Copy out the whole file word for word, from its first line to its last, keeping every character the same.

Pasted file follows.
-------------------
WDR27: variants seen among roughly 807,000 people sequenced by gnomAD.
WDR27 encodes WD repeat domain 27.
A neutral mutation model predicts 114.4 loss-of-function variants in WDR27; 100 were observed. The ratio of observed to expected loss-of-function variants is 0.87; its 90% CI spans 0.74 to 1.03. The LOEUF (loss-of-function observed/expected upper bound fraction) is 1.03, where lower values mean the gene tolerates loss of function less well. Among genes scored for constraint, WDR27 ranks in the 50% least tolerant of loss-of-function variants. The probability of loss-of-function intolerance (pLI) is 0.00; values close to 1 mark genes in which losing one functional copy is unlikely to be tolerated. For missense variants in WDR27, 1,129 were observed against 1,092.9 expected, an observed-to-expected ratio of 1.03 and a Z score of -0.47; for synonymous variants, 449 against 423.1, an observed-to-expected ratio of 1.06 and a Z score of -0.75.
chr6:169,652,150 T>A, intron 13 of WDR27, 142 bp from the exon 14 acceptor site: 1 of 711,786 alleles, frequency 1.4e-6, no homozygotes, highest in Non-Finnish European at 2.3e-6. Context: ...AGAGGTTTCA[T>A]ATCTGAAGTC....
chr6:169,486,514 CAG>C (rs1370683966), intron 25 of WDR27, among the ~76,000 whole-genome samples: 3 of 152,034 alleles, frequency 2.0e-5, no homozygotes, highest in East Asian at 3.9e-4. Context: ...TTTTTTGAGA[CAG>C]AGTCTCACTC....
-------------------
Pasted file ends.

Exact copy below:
WDR27: variants seen among roughly 807,000 people sequenced by gnomAD.
WDR27 encodes WD repeat domain 27.
A neutral mutation model predicts 114.4 loss-of-function variants in WDR27; 100 were observed. The ratio of observed to expected loss-of-function variants is 0.87; its 90% CI spans 0.74 to 1.03. The LOEUF (loss-of-function observed/expected upper bound fraction) is 1.03, where lower values mean the gene tolerates loss of function less well. Among genes scored for constraint, WDR27 ranks in the 50% least tolerant of loss-of-function variants. The probability of loss-of-function intolerance (pLI) is 0.00; values close to 1 mark genes in which losing one functional copy is unlikely to be tolerated. For missense variants in WDR27, 1,129 were observed against 1,092.9 expected, an observed-to-expected ratio of 1.03 and a Z score of -0.47; for synonymous variants, 449 against 423.1, an observed-to-expected ratio of 1.06 and a Z score of -0.75.
chr6:169,652,150 T>A, intron 13 of WDR27, 142 bp from the exon 14 acceptor site: 1 of 711,786 alleles, frequency 1.4e-6, no homozygotes, highest in Non-Finnish European at 2.3e-6. Context: ...AGAGGTTTCA[T>A]ATCTGAAGTC....
chr6:169,486,514 CAG>C (rs1370683966), intron 25 of WDR27, among the ~76,000 whole-genome samples: 3 of 152,034 alleles, frequency 2.0e-5, no homozygotes, highest in East Asian at 3.9e-4. Context: ...TTTTTTGAGA[CAG>C]AGTCTCACTC....